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Chelation Strategies. Follow the route of acquisition.

It is straight-forward that since Gd is presently

acquired in disease levels by intravenous route or direction injection route, that chelation needs to follow the route of administration. Studies looking at the electron micrographs of deposited Gd, find the metal primarily in the perivascular space... It is deposited in the fashion it was administered: in around vessels.

The same is true of metals acquired by other routes, that much of the deposition should follow the pathway of how it was acquired. Many metals are acquired by ingestion, so peri-intestinal and intrahepatic deposition should be quite high. Therefore oral administration of chelators is important, not only food items (like pectin containing fruits) but also specific chelators (like Prussian Blue for Thallium). For many heavy metals the combined strategy ultimately will be important. Lead for example, much of the deposition follows the pattern of Gd, such as bone deposition (my theory because bone marrow cell infiltrates corral these metals to bone to keep away from vital organs (as best they can)) like the brain. So lead probably requires oral administration of chelator, to follow the route of acquisition, and iv administration to tackle the bone deposition.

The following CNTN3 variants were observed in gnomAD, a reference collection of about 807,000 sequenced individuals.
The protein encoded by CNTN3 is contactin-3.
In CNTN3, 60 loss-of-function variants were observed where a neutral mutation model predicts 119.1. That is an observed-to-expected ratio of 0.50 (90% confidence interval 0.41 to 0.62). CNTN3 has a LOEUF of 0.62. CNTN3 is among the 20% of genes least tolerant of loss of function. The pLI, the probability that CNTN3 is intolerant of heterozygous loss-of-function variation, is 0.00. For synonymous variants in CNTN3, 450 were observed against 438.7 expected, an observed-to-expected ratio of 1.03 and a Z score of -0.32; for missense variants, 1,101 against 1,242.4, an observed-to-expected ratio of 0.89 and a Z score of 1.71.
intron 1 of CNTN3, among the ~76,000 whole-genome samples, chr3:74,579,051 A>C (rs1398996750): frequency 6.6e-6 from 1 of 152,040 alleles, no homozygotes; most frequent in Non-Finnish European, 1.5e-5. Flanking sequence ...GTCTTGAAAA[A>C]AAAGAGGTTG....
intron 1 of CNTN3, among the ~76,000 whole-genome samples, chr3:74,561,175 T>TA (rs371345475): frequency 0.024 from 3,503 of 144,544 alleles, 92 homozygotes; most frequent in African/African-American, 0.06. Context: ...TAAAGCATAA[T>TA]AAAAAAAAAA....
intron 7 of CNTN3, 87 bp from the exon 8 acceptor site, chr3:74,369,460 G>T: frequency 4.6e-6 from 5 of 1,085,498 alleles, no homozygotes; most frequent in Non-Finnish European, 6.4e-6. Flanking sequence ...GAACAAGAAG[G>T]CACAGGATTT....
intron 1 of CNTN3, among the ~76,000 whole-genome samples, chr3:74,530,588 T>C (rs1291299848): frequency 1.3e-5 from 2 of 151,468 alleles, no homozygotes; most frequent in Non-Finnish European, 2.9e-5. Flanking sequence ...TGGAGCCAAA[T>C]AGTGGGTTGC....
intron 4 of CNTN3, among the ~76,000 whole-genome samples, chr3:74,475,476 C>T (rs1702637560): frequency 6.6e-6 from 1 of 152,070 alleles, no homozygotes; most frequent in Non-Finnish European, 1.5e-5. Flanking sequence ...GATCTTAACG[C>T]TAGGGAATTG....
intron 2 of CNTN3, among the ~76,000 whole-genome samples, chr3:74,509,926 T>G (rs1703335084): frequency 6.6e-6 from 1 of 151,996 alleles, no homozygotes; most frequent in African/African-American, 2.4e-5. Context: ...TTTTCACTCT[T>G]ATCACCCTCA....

The extreme importance of stability constants for selecting the appropriate chelating agents, is surprisingly not that well recognized at present among treating practices for heavy metal. I plan to change this for the betterment of patient care.


Richard Semelka, MD